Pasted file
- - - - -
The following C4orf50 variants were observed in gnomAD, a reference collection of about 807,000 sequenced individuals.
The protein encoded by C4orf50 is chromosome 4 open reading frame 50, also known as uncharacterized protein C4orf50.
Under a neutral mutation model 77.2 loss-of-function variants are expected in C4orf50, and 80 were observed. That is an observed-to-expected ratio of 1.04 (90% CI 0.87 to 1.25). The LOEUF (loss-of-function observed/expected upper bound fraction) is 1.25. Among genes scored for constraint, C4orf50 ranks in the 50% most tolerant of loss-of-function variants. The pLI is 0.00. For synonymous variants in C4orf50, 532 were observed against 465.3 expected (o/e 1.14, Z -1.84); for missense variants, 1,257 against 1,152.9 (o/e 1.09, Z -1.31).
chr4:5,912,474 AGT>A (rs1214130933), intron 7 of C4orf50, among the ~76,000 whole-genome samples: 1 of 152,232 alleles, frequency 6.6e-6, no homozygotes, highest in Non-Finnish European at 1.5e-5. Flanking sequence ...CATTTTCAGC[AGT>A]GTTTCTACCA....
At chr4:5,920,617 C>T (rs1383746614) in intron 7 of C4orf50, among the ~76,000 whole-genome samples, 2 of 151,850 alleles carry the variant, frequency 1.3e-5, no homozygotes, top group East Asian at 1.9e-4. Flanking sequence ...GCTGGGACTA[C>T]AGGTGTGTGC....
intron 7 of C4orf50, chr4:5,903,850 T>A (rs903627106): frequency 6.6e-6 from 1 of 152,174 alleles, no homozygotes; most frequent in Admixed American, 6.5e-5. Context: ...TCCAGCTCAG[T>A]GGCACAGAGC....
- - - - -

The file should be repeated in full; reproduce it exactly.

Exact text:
The following C4orf50 variants were observed in gnomAD, a reference collection of about 807,000 sequenced individuals.
The protein encoded by C4orf50 is chromosome 4 open reading frame 50, also known as uncharacterized protein C4orf50.
Under a neutral mutation model 77.2 loss-of-function variants are expected in C4orf50, and 80 were observed. That is an observed-to-expected ratio of 1.04 (90% CI 0.87 to 1.25). The LOEUF (loss-of-function observed/expected upper bound fraction) is 1.25. Among genes scored for constraint, C4orf50 ranks in the 50% most tolerant of loss-of-function variants. The pLI is 0.00. For synonymous variants in C4orf50, 532 were observed against 465.3 expected (o/e 1.14, Z -1.84); for missense variants, 1,257 against 1,152.9 (o/e 1.09, Z -1.31).
chr4:5,912,474 AGT>A (rs1214130933), intron 7 of C4orf50, among the ~76,000 whole-genome samples: 1 of 152,232 alleles, frequency 6.6e-6, no homozygotes, highest in Non-Finnish European at 1.5e-5. Flanking sequence ...CATTTTCAGC[AGT>A]GTTTCTACCA....
At chr4:5,920,617 C>T (rs1383746614) in intron 7 of C4orf50, among the ~76,000 whole-genome samples, 2 of 151,850 alleles carry the variant, frequency 1.3e-5, no homozygotes, top group East Asian at 1.9e-4. Flanking sequence ...GCTGGGACTA[C>T]AGGTGTGTGC....
intron 7 of C4orf50, chr4:5,903,850 T>A (rs903627106): frequency 6.6e-6 from 1 of 152,174 alleles, no homozygotes; most frequent in Admixed American, 6.5e-5. Context: ...TCCAGCTCAG[T>A]GGCACAGAGC....